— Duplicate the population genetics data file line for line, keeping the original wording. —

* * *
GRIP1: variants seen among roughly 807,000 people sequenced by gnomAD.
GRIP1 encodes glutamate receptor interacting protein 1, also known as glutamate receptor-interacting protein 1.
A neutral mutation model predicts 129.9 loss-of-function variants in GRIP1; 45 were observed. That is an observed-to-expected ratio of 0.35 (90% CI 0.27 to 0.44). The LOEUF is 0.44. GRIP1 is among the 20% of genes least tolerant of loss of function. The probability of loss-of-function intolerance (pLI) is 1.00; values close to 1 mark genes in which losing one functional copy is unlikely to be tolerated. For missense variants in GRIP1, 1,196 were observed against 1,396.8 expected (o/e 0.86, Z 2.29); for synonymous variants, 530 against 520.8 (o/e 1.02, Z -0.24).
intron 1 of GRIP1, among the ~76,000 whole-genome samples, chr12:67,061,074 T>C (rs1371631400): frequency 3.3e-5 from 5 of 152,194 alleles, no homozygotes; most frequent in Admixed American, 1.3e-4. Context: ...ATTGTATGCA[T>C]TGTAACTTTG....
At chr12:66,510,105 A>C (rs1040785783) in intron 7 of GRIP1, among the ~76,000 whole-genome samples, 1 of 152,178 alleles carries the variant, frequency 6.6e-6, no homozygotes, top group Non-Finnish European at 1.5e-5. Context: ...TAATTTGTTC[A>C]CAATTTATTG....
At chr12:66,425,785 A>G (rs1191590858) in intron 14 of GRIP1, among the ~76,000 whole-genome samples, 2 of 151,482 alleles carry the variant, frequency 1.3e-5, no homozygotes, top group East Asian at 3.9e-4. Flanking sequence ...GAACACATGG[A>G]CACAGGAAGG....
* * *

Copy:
GRIP1: variants seen among roughly 807,000 people sequenced by gnomAD.
GRIP1 encodes glutamate receptor interacting protein 1, also known as glutamate receptor-interacting protein 1.
A neutral mutation model predicts 129.9 loss-of-function variants in GRIP1; 45 were observed. That is an observed-to-expected ratio of 0.35 (90% CI 0.27 to 0.44). The LOEUF is 0.44. GRIP1 is among the 20% of genes least tolerant of loss of function. The probability of loss-of-function intolerance (pLI) is 1.00; values close to 1 mark genes in which losing one functional copy is unlikely to be tolerated. For missense variants in GRIP1, 1,196 were observed against 1,396.8 expected (o/e 0.86, Z 2.29); for synonymous variants, 530 against 520.8 (o/e 1.02, Z -0.24).
intron 1 of GRIP1, among the ~76,000 whole-genome samples, chr12:67,061,074 T>C (rs1371631400): frequency 3.3e-5 from 5 of 152,194 alleles, no homozygotes; most frequent in Admixed American, 1.3e-4. Context: ...ATTGTATGCA[T>C]TGTAACTTTG....
At chr12:66,510,105 A>C (rs1040785783) in intron 7 of GRIP1, among the ~76,000 whole-genome samples, 1 of 152,178 alleles carries the variant, frequency 6.6e-6, no homozygotes, top group Non-Finnish European at 1.5e-5. Context: ...TAATTTGTTC[A>C]CAATTTATTG....
At chr12:66,425,785 A>G (rs1191590858) in intron 14 of GRIP1, among the ~76,000 whole-genome samples, 2 of 151,482 alleles carry the variant, frequency 1.3e-5, no homozygotes, top group East Asian at 3.9e-4. Flanking sequence ...GAACACATGG[A>G]CACAGGAAGG....